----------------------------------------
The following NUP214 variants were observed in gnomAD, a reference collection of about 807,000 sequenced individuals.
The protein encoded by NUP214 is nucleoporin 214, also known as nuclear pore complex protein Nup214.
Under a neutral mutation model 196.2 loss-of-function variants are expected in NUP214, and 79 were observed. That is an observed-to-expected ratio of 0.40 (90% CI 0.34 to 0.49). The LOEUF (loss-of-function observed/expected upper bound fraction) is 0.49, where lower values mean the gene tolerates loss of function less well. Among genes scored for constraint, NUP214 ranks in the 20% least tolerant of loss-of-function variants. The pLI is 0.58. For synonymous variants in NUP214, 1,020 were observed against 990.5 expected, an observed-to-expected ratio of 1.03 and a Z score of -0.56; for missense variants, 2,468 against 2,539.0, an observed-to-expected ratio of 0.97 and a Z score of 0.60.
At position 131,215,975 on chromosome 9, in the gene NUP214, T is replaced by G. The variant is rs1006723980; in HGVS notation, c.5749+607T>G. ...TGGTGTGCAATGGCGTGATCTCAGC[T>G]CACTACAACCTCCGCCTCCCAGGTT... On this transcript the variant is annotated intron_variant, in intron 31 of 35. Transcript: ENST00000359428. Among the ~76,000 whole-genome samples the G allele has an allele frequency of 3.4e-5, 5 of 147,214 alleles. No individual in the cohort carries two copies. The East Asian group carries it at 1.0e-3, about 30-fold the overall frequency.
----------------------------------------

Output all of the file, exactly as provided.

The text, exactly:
The following NUP214 variants were observed in gnomAD, a reference collection of about 807,000 sequenced individuals.
The protein encoded by NUP214 is nucleoporin 214, also known as nuclear pore complex protein Nup214.
Under a neutral mutation model 196.2 loss-of-function variants are expected in NUP214, and 79 were observed. That is an observed-to-expected ratio of 0.40 (90% CI 0.34 to 0.49). The LOEUF (loss-of-function observed/expected upper bound fraction) is 0.49, where lower values mean the gene tolerates loss of function less well. Among genes scored for constraint, NUP214 ranks in the 20% least tolerant of loss-of-function variants. The pLI is 0.58. For synonymous variants in NUP214, 1,020 were observed against 990.5 expected, an observed-to-expected ratio of 1.03 and a Z score of -0.56; for missense variants, 2,468 against 2,539.0, an observed-to-expected ratio of 0.97 and a Z score of 0.60.
At position 131,215,975 on chromosome 9, in the gene NUP214, T is replaced by G. The variant is rs1006723980; in HGVS notation, c.5749+607T>G. ...TGGTGTGCAATGGCGTGATCTCAGC[T>G]CACTACAACCTCCGCCTCCCAGGTT... On this transcript the variant is annotated intron_variant, in intron 31 of 35. Transcript: ENST00000359428. Among the ~76,000 whole-genome samples the G allele has an allele frequency of 3.4e-5, 5 of 147,214 alleles. No individual in the cohort carries two copies. The East Asian group carries it at 1.0e-3, about 30-fold the overall frequency.